So "registrable facts" can be amended only—and I emphasise "only"—by further primary legislation. Therefore, the Bill provides a major safeguard against claims that the scope of the national identity register might be expanded in the future without proper parliamentary scrutiny. Thus it would not be possible to add criminal or medical records to the "registrable facts" at Clause 1(5) by secondary legislation. Nor would it be possible to add criminal or medical records to the list of items in Schedule 1 by secondary legislation, because Clause 3(6) requires that anything added to Schedule 1 is consistent with the statutory purposes and those, as I have just said, link back directly to the "registrable facts".
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However, a potential concern was raised in the other place that the Bill did not provide adequate reassurance that information relating to numbers would not be held that could lead to conclusions being drawn about a person's criminal record. Clause 1(5)(g) covers,

and the concern was that this might conceivably be used in the future to add the police national computer—the PNC—reference number to an individual's national identity register record. While that would not provide evidence of an individual's criminal record, it would clearly suggest that he or she had one. It was to avoid that scenario that the Government amended the Bill so that it would be impossible to add to the register a number that might tend to reveal information relating to a person's criminal record, or indeed any other "sensitive personal data" within the terms of the Data Protection Act 1998.

"Sensitive personal data", as noble Lords know, is not limited to criminal records but is defined in the Data Protection Act and covers a number of other issues, including the racial or ethnic origin of the data subject, his political opinions, his religious beliefs or other beliefs of a similar nature, as well as his physical or mental health or condition. There could not be a complete exclusion of "sensitive personal data", or anything tending to reveal such data, as some information that could be apparent from, say, a photograph, might easily reveal "sensitive personal data" such as racial or ethnic origin. An identity card with a photograph of a man or woman wearing a clerical collar would, for example, tend to indicate their religious belief, although perhaps not their denomination.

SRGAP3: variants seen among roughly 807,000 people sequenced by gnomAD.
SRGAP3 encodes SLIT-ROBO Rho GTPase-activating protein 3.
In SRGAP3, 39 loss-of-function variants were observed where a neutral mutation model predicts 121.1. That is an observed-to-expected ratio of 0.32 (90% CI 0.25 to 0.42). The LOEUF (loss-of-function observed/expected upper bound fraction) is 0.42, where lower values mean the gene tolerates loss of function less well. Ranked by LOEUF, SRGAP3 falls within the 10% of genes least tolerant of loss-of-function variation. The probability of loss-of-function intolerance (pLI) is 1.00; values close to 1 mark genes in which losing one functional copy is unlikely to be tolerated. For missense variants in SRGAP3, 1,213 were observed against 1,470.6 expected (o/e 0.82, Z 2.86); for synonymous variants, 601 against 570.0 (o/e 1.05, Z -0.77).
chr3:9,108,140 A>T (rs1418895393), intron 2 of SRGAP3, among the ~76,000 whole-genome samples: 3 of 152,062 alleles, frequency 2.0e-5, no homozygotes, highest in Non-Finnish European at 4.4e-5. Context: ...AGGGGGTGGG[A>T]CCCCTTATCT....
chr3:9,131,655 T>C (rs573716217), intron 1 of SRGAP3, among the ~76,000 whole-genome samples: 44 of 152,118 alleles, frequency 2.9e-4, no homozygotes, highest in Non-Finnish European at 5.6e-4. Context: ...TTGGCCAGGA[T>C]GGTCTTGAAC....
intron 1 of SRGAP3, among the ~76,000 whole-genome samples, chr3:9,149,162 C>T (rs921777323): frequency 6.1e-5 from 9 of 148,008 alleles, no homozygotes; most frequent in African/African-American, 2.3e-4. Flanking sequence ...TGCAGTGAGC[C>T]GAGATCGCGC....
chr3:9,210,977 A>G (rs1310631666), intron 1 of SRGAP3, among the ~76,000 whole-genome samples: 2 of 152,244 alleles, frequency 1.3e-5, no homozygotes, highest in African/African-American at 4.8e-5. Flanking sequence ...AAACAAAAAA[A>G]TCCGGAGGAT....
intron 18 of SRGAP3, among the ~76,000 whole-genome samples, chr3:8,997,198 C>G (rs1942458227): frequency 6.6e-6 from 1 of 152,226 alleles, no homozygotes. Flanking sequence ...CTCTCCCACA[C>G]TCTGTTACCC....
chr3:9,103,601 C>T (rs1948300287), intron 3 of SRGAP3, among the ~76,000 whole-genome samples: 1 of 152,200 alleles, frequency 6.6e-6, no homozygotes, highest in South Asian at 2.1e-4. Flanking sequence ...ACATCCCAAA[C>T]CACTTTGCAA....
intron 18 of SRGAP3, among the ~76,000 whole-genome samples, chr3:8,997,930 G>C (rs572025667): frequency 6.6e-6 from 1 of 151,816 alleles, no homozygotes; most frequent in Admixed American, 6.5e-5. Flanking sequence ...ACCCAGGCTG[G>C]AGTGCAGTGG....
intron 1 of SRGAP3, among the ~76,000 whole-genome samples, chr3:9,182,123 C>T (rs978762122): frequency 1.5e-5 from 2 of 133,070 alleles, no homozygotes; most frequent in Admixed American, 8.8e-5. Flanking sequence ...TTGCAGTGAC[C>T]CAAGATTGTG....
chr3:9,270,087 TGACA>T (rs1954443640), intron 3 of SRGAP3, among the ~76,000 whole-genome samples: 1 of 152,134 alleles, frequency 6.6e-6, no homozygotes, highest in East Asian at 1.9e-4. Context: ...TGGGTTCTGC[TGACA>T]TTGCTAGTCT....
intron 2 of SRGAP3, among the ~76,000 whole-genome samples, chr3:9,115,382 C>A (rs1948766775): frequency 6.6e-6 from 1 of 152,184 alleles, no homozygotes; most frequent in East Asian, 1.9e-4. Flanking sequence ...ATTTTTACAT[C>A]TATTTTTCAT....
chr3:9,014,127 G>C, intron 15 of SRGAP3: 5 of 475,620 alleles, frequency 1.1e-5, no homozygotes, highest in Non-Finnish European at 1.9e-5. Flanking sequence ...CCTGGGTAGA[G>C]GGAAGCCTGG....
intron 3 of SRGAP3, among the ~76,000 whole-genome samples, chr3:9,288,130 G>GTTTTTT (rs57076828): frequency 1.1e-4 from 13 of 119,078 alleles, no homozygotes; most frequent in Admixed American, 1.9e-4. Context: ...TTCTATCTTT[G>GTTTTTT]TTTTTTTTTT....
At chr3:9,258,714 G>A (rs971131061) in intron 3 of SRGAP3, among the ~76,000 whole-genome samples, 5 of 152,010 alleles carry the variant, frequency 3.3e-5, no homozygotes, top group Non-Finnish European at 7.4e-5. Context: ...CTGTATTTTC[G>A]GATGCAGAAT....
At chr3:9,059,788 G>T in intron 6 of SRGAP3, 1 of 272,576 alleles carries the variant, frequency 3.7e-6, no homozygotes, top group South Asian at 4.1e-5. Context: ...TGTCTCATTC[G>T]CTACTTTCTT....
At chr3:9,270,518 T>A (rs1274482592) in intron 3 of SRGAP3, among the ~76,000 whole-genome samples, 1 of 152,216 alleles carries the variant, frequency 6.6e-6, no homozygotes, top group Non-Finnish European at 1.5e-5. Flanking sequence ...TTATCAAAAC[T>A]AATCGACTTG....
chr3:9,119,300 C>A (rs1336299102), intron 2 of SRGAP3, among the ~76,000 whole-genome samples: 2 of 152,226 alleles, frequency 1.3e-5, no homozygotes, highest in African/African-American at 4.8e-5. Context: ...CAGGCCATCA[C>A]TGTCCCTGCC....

Criminal or medical records or political opinions do not come within the ambit of the "registrable facts" listed in Clause 1(5) and so could not be added to the list of items that may be held on the national identity register and are listed at Schedule 1 to the Bill. However, the Government wanted in addition to put beyond doubt that it would also not be possible to add to the register in the future any reference number which of itself was simply a number, but where its existence could tend to reveal an item of "sensitive personal data".

Amendment No. 38A would risk narrowing the safeguard that was introduced in another place by removing the words,

I know that is not the noble Lord's intent, but it has given me an opportunity to give what I hope is a comprehensive explanation about why we think the safeguard is necessary. It works and it seemed to us to be capable of reassuring people who had genuine concerns that inappropriate information would be listed.

If we are to achieve our objective of providing a clear reassurance that no numbers could be held that either would reveal or would tend to reveal any "sensitive
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personal data", those words should stay in the Bill. I hope that with that explanation the noble Lord will be content. I have the pleasure of thanking him for allowing me the opportunity to explain all of that.